Vision is one of the horse's most important survival mechanisms. It supports the horse's brain with immediate information that influences their actions and reactions and behavior. You can use this information in practical work and training of your horse.
The horse's vision is designed to give a wide panoramic view of the surroundings, riding arena, stable, trailers or wherever you want to bring them to. In essence, the horse has a 350-degree range of vision. This characteristic enabled horses to thrive in the wild, but it complicates things in a domesticated environment because this field of vision includes several blind spots. Blind spots are areas they can't see when their head is straight, so they have to turn their head around to make sure that there are no predators in that area.
This greatly influences their movements. It can influence them, in schooling or competition, to refuse the rein to get their neck free to see and check their surroundings by themselves. Or it can influence them to refuse at a jump because of an unfamiliar flowerpot nearby.
Because the eyes are set wide apart on each side of the head, most of the horse's field of vision is seen with one eye, which is called "monocular" vision. You and I have both eyes in the front of our head, so we see most things with both eyes. This is called "binocular" vision and it provides quite a different view.
Only when both eyes, taking turns, are able to look at an object, can the horse really "think" and work out what the object might be. That's when they can decide if it might be something they should fear and run away from or if it might be something they can accept and stay with. In fact, only when both eyes are looking at, let's say a jump, does the horse have binocular vision.
As you can see on the illustration, the binocular vision (both eyes able to focus on the object) is only an angle of 60-70 degrees in front of the head. This is the only angle in which the horse can achieve depth perception.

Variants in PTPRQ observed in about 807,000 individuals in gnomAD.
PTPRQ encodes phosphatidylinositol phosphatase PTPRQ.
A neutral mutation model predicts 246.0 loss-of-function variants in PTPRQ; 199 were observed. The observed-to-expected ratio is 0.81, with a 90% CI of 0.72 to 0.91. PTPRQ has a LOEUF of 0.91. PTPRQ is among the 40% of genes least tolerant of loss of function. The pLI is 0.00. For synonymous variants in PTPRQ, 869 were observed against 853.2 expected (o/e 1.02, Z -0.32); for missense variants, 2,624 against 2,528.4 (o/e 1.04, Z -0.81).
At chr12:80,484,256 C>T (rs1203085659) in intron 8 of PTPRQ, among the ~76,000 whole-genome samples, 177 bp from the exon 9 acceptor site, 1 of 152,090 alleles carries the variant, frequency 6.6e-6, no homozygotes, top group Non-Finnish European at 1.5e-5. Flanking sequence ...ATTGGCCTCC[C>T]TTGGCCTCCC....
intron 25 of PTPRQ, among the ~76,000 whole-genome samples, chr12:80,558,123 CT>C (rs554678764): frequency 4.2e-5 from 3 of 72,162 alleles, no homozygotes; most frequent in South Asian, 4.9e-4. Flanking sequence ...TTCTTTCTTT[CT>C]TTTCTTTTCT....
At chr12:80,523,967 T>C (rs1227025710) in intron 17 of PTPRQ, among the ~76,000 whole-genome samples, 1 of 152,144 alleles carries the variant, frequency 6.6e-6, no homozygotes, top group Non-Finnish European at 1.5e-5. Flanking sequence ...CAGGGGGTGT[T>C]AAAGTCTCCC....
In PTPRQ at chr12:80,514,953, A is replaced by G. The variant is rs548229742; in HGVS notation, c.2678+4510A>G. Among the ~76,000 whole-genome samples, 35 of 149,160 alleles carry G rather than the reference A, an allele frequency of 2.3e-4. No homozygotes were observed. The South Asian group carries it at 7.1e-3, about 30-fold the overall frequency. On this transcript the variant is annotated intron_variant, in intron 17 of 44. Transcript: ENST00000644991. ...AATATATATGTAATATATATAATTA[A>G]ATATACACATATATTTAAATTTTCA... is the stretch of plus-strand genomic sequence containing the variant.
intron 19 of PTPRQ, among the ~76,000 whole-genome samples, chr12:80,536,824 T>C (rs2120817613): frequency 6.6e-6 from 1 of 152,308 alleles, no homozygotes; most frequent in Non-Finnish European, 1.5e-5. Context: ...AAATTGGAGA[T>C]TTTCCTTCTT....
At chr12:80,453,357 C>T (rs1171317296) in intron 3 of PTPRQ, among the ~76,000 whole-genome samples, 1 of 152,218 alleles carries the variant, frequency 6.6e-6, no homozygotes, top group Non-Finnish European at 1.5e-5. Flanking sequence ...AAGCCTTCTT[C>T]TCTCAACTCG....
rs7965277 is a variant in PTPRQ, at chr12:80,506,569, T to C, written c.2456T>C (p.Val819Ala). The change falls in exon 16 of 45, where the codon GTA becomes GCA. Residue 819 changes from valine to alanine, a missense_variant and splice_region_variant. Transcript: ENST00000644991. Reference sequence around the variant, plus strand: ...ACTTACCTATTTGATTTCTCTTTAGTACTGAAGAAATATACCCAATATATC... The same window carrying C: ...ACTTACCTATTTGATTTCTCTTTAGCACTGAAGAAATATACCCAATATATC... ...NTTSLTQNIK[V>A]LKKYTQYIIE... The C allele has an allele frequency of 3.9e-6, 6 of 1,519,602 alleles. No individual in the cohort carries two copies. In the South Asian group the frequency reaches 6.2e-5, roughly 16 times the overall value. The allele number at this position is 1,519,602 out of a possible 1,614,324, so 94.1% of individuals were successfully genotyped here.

Through movement of its head, the horse can focus on an object with both eyes. This allows the horse to view the ground in front of them with both eyes and deal with the information in his whole brain. There are more issues that are responsible for misinterpretations of a horse's behavior in many situations, but for this column we'll stay with binocular and monocular vision and how you can use this understanding in training.
Away We Go
Let's say your horse is perfectly fine at home, listening to you and is focused on your signals of legs and hands and you have trained him well. Now you are traveling to a dressage competition and your horse is shying while riding into the ring. Most of the time, it is only jumping aside because he is not able to check out with both eyes what this object might be: a predator or just the judge's head. The horse will talk to you with his body language in this situation. It will tell you immediately with little signs that it feels very unsure about this one thing over there and will give you a warning because you are his most important, trusted partner in this moment.
The warning can be read when you are aware of what your horse is telling you. Please keep in mind that your horse never wants to interact against you just to be terrible – there is always a survival reason in his message. Let's say the message is either shying or working against your rein and the bit to move the head toward the directions his eye needs to assess this object.